Rail workers in the RMT union have scored a significant victory in their battle with private train companies to secure the future of guards on trains. It’s part of a wider fight…
One of Britain’s biggest train companies, Northern, has finally agreed to the union’s demand that there should be a guard on all trains, both those currently running and all new trains that will replace them. This came after 47 strike days during a bitter two-year dispute.
The RMT union suspended its action in a deal with the German state-owned company after talks brokered by former TUC General Secretary Brendan Barber, now chair of ACAS. Talks will continue to finalise guarantees which will allow RMT to formally end the dispute.
RMT General Secretary Mick Cash paid tribute to RMT’s guard members in Northern Rail, praising their resilience, and describing them as an absolute credit to both RMT and the wider trade union movement. He also thanked the travelling public for their extraordinary support.
The Northern victory comes after similar success in Merseyrail after a long period of one-day strikes. Train drivers, members of Aslef, refused to cross picket lines during that dispute, making the industrial action much more effective. Elsewhere Aslef members have been less willing to take such action.
End in sight
Talks between RMT and Merseyrail have gone on for many months. The end is now in sight; but it remains to be seen if the company will give the union the guarantees it seeks to end the dispute.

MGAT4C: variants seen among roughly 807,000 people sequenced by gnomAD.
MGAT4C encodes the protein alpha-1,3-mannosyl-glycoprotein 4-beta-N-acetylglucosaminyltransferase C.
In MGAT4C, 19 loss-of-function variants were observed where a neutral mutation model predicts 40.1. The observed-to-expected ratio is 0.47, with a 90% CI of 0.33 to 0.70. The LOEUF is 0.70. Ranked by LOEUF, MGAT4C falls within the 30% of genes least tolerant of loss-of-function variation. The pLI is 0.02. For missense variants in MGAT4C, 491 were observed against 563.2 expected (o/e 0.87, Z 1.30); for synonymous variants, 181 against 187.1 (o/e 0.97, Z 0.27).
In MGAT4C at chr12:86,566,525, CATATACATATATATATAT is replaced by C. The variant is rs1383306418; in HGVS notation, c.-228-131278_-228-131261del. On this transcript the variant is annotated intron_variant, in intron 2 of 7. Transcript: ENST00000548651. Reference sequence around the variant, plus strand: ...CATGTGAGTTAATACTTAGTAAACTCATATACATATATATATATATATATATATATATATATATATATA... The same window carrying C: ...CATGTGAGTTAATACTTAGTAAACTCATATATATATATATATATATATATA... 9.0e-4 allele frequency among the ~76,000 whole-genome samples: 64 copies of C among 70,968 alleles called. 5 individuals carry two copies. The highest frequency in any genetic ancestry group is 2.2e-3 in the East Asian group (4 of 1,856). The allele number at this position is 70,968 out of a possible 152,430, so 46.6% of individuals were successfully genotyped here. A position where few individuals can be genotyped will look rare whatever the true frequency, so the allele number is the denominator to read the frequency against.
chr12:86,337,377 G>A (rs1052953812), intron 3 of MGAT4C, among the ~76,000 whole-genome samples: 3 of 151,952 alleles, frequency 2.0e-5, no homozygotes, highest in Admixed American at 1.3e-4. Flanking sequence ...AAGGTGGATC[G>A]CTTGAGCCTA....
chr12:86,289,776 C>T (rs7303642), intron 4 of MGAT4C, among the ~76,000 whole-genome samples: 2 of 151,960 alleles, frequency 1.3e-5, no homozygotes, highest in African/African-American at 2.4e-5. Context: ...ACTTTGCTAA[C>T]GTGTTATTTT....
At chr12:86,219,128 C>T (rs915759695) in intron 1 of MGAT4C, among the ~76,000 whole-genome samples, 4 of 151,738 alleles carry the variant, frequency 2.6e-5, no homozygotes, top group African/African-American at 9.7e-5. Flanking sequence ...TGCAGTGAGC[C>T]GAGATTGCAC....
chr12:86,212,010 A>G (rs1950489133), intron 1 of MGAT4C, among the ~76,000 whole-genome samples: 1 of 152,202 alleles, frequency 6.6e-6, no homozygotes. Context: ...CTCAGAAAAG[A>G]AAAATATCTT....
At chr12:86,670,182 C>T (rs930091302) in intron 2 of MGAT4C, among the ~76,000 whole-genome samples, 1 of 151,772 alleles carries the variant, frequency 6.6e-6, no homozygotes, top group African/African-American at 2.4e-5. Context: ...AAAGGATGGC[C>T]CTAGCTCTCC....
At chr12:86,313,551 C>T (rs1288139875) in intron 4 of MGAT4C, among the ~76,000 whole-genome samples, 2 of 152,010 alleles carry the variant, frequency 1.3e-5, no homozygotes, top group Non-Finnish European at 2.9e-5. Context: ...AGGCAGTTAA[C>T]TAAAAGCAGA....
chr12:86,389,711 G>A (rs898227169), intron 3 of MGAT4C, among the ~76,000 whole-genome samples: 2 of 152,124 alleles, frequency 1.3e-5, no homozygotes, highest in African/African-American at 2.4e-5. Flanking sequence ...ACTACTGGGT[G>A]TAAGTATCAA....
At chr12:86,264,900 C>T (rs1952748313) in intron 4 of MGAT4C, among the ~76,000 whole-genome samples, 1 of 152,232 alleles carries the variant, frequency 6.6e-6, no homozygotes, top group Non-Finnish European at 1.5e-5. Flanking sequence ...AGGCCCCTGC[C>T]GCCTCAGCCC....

At South Western Railway (SWR) RMT has secured progress along the lines of Northern after an emphatic renewed mandate for action by its guard members to carry on the fight to put public safety before private profit. A massive 88 per cent voted in favour of industrial action. This was the fourth such ballot, forced on the union by anti-trade union legislation.
SWR guards are seeking assurances about their future on the route which runs from London to Portsmouth, Southampton and Exeter. They have held a number of one-day strikes, and guards and RMT drivers had been instructed not to book on for any shifts on 22 February, 9 March and 16 March. As Workers went to press, that action had just been suspended.
That huge vote for action at SWR came a day after the RMT secured its victory at Northern. The pressure was on SWR to respond seriously about running all trains with a guard on board. It was the last company holding out. One by one the others have made deals with the union.
RMT members have been resolute in their campaign, taking on the private train companies and the government. Both have been hell-bent to abolish guards in the pursuit of greater profits – at the cost of making railways less safe and less accessible.
Dogged determination has paid off. Company after company eventually caved in as they realised the effect on their finances. The government propped up the rail companies’ finances, but that was as ineffective as its anti-union laws in stopping the guards.
The union has run a series of well attended public meetings up and down the country in support of its campaign. It also made astute use of social media and video. This has attracted great support from the public, as well as the many trade unionists who have supported picket lines.